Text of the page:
The con is used to make people desirous of a solution. In this case, it’s to elect politicians who favor the President’s economic policy, highlighted by his proposed “Buffett Rule,” named after the previously mentioned Warren Buffet, the billionaire who himself believes he does not pay enough in taxes. (Apparently the IRS agrees, as Buffett allegedly owes over $1 billion in back taxes). The Buffett Rule, in conjunction with Obama’s proposed fiscal year 2013 budget, promises to ensure that Americans who make at least $2 million pay at least a 30% rate, phasing in higher rates for those earning over $1 million, while reducing the amount of money Americans can exclude as non-taxable income. This is accomplished by severely limiting the deductibility of charitable contributions.
Here’s where the sleight-of-hand comes into play.
Understand that the primary reason Obama’s and Romney’s personal tax rates are as low as they are (20% and 15.4%, respectively) is largely because both give inordinate amounts of money to charity. Obama gave $177,000 (22% of his income) to charity in 2011, while Romney gave away $4 million (19% of his income). These donations served to reduce their taxable liabilities substantially, because money donated to IRS approved charities is not taxable.
Generally, one can deduct up to 50% of his income if donated to charity. Obama’s plan, however,would limit charitable giving to no more than 28% of one’s income. While this might not sound like a significant change, the President predicts that this small measure alone will result in an increase in average revenues of roughly $58.4 billion per year. But an increase in revenue for the government is a decrease in revenue for the private sector; and in this case, the sub-sector that suffers the most will be the Church.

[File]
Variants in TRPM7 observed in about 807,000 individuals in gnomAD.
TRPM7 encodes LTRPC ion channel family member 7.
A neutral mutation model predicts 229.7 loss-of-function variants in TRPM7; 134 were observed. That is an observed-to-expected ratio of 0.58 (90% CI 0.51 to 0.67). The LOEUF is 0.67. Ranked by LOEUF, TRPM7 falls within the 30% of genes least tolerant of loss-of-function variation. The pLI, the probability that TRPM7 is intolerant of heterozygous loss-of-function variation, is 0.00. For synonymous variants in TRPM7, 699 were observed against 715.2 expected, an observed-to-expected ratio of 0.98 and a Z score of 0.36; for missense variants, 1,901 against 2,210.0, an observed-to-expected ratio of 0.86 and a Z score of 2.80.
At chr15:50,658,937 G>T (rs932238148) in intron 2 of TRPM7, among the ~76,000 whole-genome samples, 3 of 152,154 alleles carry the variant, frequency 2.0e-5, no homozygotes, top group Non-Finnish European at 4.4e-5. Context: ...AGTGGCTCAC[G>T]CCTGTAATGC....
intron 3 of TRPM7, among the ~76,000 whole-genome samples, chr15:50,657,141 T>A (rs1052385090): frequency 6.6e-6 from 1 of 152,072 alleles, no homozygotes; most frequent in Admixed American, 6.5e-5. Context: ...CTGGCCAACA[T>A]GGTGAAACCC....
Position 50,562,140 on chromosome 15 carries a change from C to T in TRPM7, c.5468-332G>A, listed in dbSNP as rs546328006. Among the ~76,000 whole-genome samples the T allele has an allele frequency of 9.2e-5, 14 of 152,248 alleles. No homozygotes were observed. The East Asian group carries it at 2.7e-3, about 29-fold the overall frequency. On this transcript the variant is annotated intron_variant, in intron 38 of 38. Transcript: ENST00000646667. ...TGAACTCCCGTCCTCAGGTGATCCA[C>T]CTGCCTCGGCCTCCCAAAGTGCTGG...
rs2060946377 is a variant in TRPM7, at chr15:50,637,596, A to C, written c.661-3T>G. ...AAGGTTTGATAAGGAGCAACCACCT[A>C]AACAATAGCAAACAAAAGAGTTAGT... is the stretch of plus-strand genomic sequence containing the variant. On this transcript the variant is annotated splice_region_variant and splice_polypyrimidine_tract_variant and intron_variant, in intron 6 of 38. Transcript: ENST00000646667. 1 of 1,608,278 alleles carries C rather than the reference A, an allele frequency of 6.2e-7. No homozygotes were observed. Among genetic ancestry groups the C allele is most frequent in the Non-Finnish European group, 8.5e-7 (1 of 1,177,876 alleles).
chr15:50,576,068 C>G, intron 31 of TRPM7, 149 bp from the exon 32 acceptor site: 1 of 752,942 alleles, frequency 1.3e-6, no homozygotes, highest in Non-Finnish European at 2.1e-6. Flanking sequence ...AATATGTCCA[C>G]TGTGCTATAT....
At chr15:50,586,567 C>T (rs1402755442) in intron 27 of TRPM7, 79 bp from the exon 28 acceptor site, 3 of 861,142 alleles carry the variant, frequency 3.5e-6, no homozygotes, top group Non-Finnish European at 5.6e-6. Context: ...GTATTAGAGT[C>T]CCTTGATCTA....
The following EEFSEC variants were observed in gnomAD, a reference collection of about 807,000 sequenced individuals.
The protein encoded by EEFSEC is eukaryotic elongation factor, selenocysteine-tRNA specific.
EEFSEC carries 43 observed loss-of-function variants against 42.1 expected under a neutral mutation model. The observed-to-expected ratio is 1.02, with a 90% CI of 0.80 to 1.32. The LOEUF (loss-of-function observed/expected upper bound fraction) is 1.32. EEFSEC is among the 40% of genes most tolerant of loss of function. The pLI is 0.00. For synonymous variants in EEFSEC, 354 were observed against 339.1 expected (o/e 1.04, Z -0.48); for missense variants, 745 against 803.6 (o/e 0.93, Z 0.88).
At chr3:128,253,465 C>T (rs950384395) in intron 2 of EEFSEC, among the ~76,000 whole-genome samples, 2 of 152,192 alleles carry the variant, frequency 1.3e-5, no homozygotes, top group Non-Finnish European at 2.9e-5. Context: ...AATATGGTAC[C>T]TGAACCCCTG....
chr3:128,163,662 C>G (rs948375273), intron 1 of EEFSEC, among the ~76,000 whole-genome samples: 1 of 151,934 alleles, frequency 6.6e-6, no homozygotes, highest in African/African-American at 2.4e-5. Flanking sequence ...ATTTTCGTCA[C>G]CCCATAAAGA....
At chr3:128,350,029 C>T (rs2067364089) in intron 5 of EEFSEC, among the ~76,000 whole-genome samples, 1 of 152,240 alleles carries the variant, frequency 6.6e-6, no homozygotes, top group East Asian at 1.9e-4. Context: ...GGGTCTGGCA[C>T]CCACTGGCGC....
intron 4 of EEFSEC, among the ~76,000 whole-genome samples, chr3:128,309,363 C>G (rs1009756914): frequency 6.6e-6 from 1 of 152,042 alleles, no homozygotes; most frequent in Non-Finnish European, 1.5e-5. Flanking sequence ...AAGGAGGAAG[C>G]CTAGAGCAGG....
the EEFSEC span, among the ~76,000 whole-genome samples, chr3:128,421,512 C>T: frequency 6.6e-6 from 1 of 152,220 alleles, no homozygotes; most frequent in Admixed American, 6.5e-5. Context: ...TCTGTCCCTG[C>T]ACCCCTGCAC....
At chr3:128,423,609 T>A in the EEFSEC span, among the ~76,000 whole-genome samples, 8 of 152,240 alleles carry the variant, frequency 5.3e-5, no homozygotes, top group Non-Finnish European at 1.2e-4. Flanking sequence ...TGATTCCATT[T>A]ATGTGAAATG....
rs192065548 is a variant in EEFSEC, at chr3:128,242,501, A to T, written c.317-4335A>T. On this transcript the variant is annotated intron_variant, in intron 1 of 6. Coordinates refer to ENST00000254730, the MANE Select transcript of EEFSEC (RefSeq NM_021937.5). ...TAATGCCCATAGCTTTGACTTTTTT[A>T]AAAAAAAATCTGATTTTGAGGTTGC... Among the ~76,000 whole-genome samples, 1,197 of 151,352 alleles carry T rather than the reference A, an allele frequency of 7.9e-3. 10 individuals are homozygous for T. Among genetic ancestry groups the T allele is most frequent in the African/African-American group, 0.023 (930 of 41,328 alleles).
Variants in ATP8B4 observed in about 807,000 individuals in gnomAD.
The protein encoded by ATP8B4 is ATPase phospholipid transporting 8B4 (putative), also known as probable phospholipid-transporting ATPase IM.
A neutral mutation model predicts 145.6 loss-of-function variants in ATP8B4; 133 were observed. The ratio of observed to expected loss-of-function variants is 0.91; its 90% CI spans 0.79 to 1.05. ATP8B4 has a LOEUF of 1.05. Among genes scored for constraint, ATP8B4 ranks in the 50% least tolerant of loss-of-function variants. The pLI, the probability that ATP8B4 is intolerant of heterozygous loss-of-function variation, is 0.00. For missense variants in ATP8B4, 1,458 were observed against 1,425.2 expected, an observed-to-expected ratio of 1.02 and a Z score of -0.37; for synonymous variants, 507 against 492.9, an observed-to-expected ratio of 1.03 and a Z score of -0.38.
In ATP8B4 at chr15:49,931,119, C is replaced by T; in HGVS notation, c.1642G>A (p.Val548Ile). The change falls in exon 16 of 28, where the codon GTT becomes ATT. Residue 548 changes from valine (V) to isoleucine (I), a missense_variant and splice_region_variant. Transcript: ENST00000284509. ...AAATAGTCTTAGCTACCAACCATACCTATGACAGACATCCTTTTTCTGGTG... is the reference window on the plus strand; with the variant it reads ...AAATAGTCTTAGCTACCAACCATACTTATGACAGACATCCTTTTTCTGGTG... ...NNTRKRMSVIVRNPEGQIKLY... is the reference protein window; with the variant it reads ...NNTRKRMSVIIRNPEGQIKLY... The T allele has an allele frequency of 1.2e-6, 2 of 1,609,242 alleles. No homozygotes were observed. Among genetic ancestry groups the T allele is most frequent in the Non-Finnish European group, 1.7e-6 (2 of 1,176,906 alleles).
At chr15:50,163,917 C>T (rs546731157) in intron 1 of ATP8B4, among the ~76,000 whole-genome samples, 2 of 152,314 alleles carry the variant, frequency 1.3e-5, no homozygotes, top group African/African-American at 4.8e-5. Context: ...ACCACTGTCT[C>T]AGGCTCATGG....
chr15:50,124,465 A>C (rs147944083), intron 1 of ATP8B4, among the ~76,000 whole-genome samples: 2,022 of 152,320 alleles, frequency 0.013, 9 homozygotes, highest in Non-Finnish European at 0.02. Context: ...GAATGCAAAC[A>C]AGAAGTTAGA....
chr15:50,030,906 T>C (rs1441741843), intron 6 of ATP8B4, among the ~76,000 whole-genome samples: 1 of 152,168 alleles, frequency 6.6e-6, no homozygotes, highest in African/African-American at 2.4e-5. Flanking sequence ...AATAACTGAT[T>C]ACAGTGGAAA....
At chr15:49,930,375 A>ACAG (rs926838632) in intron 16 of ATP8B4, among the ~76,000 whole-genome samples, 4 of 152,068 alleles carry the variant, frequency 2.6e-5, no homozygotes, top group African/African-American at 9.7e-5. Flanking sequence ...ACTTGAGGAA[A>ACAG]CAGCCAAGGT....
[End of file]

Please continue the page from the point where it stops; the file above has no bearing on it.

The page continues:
This result is precisely what the sleight-of-hand is designed to conceal. Focus on the big picture, ignore the details. Watch as we tax the rich. You’re not supposed to notice who else gets hurt.
The problem this policy presents for the Church should be self-evident. When charitable donations reach a point that they are no longer deductible, the incentive to make donation curtails sharply because the lack of deductibility makes the donation considerably more expensive. Further, the generally increased tax burden encourages Americans to hold onto more of their money, as more is needed to pay the higher taxes. This effectively means that the new money being brought in by the government is at the expense of the old money that used to be brought in by the Church and other charities.